This week’s Top Ten Tuesday topic is Books I Decided to DNF (did not finish) Too Quickly. For a long time (aka most of my reading life), I would never give up on a book. Even if I hated it or was bored to tears, I would keep reading until I reached the end. But more recently, I’ve decided life is short and there are a ton of books (aka too many) on my TBR list. So last year, I started giving up on books. At first, I would give myself 50-100 pages before giving up, but more recently, I’ll only read a chapter or two, maybe check Goodreads for reviews, and decide if a book is worth my time or not. Still, there are probably some books I could have tolerated until the end but gave up too soon. Here are ten.
Nothing But Sky by Amy Trueblood: This is one I recently marked as DNF. I’ll admit part of it was because when it came in at the library it made me think of a self-published book and I was a little hesitant to read it. (Hey look, I did judge a book by it’s cover and design and size and weight and… you get it.) The book was about an airplane wingwalker and I read about two chapters before I became annoyed with the main character and the cliche descriptions. Did I give up too soon?
To Kill a Kingdom by Alexandra Christo: When I put this book on hold from the library, it sounded absolutely amazing! A dark retelling of The Little Mermaid? Sirens that steal the hearts of princes? Whoa, baby! Instead, I read 153 pages and nothing was happening. Paired with my prediction that it would be cliche and boring (and the romance would overwhelm everything else), I decided to give this one up. Also, the inside cover synopsis did not match the story at all, and I was confused. (But dang, it made for great bookstagram pictures.)
American Panda by Gloria Chao: After adoring the To All the Boys I’ve Loved Before series by Jenny Han, I was looking forward to another cute YA contemporary about an Asian-American protagonist. Instead, this book felt cliche and stereotypical and not cute at all. From the 99 pages I read, the love interest felt forced, the main character and her family were obnoxious, and the plot was non-existent. I gave it up because I didn’t want to be disappointed.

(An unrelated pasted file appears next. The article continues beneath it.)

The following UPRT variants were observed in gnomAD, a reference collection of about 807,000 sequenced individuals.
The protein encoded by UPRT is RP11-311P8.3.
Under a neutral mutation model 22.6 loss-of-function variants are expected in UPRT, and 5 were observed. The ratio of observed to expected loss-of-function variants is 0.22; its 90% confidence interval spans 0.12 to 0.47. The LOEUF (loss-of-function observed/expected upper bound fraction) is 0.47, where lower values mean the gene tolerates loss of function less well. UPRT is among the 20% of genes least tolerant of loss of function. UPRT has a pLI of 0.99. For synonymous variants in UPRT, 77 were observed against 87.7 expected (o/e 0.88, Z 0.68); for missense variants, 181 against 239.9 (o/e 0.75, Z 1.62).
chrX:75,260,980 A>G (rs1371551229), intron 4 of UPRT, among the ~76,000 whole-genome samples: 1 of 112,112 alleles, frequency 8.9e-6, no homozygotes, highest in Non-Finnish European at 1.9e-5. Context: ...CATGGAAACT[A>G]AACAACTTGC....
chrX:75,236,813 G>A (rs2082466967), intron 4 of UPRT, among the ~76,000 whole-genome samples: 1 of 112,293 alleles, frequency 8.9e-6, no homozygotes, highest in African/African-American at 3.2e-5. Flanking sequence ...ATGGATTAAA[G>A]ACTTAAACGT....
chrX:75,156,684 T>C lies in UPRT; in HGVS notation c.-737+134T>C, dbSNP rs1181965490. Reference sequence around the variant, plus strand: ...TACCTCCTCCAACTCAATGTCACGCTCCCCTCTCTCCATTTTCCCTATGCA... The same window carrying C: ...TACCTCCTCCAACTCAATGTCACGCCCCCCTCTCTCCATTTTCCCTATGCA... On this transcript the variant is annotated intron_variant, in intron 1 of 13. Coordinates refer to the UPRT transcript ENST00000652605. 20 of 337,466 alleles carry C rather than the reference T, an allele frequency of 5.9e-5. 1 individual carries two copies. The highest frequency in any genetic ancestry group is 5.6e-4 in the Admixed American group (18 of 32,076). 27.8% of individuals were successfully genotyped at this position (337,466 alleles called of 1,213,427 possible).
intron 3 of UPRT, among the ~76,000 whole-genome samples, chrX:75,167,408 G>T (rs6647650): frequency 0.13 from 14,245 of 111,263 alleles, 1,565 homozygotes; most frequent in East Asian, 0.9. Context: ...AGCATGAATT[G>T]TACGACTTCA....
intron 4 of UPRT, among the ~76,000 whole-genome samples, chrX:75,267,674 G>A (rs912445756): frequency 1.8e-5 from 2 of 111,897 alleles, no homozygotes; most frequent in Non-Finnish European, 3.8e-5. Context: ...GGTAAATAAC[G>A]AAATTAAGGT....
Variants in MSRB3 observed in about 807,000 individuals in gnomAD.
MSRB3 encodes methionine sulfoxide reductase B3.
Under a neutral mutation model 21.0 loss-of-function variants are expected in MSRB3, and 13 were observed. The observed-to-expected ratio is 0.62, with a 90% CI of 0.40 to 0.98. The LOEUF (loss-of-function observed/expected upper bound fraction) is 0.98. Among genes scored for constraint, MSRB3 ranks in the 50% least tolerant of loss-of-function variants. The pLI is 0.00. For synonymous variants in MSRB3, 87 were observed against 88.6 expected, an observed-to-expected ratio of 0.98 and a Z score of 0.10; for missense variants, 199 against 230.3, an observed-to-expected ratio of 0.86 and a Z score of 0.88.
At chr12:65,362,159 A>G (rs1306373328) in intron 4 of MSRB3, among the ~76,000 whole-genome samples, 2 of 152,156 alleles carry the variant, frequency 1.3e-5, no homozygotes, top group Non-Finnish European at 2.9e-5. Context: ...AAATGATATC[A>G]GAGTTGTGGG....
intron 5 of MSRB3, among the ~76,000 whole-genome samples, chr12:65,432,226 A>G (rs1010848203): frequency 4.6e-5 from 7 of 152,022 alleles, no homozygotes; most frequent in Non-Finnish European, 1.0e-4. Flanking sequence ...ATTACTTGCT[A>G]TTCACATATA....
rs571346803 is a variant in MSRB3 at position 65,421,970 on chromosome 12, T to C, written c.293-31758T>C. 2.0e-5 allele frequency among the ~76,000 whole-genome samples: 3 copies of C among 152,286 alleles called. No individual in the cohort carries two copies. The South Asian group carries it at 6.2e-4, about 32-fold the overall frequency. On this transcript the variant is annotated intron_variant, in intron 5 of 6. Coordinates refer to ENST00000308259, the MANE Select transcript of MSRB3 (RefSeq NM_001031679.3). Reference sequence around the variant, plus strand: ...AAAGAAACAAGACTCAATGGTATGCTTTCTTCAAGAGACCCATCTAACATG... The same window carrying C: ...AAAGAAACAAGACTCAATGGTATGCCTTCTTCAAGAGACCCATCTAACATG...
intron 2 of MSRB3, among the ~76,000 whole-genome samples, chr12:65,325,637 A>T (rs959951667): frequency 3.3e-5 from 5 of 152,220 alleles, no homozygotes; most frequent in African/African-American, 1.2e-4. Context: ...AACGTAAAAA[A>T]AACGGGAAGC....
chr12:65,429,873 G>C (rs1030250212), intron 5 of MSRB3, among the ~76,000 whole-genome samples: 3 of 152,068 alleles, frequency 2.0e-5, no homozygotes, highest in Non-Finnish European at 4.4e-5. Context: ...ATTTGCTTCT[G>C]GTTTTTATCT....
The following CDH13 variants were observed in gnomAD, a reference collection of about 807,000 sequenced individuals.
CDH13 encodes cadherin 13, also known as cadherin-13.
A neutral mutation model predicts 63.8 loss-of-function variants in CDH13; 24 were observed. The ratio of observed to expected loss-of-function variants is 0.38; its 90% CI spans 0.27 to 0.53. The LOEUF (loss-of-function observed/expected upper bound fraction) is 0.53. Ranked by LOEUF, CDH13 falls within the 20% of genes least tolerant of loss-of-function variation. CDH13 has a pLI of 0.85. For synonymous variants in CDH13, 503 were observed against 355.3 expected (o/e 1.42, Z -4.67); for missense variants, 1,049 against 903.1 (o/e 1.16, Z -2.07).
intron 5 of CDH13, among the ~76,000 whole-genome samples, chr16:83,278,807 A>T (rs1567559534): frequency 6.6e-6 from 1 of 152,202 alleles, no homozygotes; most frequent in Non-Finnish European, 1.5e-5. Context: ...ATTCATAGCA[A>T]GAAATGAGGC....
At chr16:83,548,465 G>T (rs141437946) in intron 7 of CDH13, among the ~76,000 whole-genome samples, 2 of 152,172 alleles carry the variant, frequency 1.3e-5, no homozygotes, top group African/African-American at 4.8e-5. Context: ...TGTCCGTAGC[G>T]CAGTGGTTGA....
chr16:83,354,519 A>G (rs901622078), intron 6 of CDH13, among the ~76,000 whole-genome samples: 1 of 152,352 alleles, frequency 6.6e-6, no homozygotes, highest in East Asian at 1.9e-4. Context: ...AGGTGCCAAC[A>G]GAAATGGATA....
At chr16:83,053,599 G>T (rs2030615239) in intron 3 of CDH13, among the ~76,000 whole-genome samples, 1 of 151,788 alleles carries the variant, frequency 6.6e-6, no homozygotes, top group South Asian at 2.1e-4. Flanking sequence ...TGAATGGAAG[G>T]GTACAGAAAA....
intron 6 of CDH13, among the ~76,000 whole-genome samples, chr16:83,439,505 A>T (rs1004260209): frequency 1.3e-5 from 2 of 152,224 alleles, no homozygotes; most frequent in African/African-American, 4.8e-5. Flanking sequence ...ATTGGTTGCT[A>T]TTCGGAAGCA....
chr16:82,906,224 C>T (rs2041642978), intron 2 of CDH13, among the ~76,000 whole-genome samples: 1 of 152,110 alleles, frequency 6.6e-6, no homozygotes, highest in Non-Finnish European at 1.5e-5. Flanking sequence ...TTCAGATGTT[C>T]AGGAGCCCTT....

Unearthed by Amie Kaufman and Meagan Spooner: I was told this book was “Indiana Jones meets Tomb Raider set in space” and while I love the concept, the first 92 pages were so boring. The narrators switched back and forth, but I couldn’t tell them apart, despite that one was a girl and one was a boy. Plus, there was so much telling and so many random backstory tangents that I was cringing was a I read. Still, the story… so cool.
Meet Cute: Some People Are Destined to Meet by Multiple Authors: Every once and a while, I’m in the mood for a collection of short stories. Unfortunately, I didn’t get far into this one because the stories didn’t interest me like previous ones had. I might pick it up again in the future when I’m in the mood, though.
Defy the Stars by Claudia Gray: I read most of Claudia Gray’s Firebird trilogy, and while there were parts that I hated, the story line was intriguing and delightful. Thus, I was excited for her new series Defy the Stars, especially with how gorgeous that cover is. Unfortunately, I didn’t get far before giving it up. I was bored and couldn’t connect to the characters. I might try reading it again in the future, but for now, I’m letting it go.
Carve the Mark by Veronica Roth: Okay, okay, I’m not sure why I even bothered to read this one after loathing the Divergent trilogy. But it’s a science-fiction book, not dystopian, and I thought maybe, just maybe, she found a better genre to write. I was wrong. So wrong. After reading 116, picking out way too many Star Wars rip-offs, and talking to a fellow reader who got farther than me, I gave it up. But dang, that cover. Dang that synopsis. Dang it, Roth! I might have to listen to the audiobook someday like I did with Divergent. That was at least tolerable.
Catch-22 by Joseph Heller: Honestly, I read probably about 95% of this book for an English class in high school. I should have just finished the dang book and been done with it, but nope, I never read the last couple chapters. At this point, is it even worth it?
Quiet: The Power of Introverts in a World that Can’t Stop Talking by Susan Cain: I bet if I tried to read this now, I would get more out of it. But when I received this book for review, it was just not my cup of tea. For one, it was non-fiction/self-help/whatever, and second, the first half (or chapters?) were about the authors experience at some weirdo convention to make an Introvert into an Extrovert (???). I just couldn’t sift through the important parts during all her random stories. But I’ve heard good things about this book.
The Golden Compass by Philip Pullman: I don’t remember how old I was when I picked this up to read. I think it was recommended to me because it’s children’s fantasy. But something about it put me off and I sent it back to the library in a hurry. Now, I think if I read it I would probably either enjoy it more or at least appreciate it.